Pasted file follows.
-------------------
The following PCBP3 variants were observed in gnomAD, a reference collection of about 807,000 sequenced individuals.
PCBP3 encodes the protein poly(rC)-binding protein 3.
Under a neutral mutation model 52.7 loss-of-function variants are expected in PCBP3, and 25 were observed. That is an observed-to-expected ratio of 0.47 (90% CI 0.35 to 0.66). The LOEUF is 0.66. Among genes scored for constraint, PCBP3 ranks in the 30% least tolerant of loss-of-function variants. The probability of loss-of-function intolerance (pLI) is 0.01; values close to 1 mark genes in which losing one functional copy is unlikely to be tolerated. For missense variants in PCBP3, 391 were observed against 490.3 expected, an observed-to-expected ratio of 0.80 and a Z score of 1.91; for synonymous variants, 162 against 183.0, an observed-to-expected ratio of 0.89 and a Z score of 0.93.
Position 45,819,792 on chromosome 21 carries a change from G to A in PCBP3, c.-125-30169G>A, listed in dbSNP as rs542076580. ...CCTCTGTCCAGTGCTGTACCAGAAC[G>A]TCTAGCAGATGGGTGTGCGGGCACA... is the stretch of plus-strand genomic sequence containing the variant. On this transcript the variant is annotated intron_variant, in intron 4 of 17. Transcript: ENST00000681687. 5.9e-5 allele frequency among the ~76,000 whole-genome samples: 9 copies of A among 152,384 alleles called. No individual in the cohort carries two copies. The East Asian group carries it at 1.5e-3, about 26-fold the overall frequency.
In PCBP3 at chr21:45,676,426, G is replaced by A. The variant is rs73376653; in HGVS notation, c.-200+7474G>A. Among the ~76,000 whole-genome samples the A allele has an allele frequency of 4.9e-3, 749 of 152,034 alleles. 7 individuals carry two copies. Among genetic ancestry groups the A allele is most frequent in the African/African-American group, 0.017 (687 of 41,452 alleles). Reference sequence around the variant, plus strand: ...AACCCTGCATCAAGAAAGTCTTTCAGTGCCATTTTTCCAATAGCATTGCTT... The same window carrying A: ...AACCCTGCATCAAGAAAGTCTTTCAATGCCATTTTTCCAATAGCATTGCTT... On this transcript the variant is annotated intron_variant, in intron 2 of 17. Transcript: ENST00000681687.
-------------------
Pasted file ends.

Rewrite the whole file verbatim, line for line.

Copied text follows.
The following PCBP3 variants were observed in gnomAD, a reference collection of about 807,000 sequenced individuals.
PCBP3 encodes the protein poly(rC)-binding protein 3.
Under a neutral mutation model 52.7 loss-of-function variants are expected in PCBP3, and 25 were observed. That is an observed-to-expected ratio of 0.47 (90% CI 0.35 to 0.66). The LOEUF is 0.66. Among genes scored for constraint, PCBP3 ranks in the 30% least tolerant of loss-of-function variants. The probability of loss-of-function intolerance (pLI) is 0.01; values close to 1 mark genes in which losing one functional copy is unlikely to be tolerated. For missense variants in PCBP3, 391 were observed against 490.3 expected, an observed-to-expected ratio of 0.80 and a Z score of 1.91; for synonymous variants, 162 against 183.0, an observed-to-expected ratio of 0.89 and a Z score of 0.93.
Position 45,819,792 on chromosome 21 carries a change from G to A in PCBP3, c.-125-30169G>A, listed in dbSNP as rs542076580. ...CCTCTGTCCAGTGCTGTACCAGAAC[G>A]TCTAGCAGATGGGTGTGCGGGCACA... is the stretch of plus-strand genomic sequence containing the variant. On this transcript the variant is annotated intron_variant, in intron 4 of 17. Transcript: ENST00000681687. 5.9e-5 allele frequency among the ~76,000 whole-genome samples: 9 copies of A among 152,384 alleles called. No individual in the cohort carries two copies. The East Asian group carries it at 1.5e-3, about 26-fold the overall frequency.
In PCBP3 at chr21:45,676,426, G is replaced by A. The variant is rs73376653; in HGVS notation, c.-200+7474G>A. Among the ~76,000 whole-genome samples the A allele has an allele frequency of 4.9e-3, 749 of 152,034 alleles. 7 individuals carry two copies. Among genetic ancestry groups the A allele is most frequent in the African/African-American group, 0.017 (687 of 41,452 alleles). Reference sequence around the variant, plus strand: ...AACCCTGCATCAAGAAAGTCTTTCAGTGCCATTTTTCCAATAGCATTGCTT... The same window carrying A: ...AACCCTGCATCAAGAAAGTCTTTCAATGCCATTTTTCCAATAGCATTGCTT... On this transcript the variant is annotated intron_variant, in intron 2 of 17. Transcript: ENST00000681687.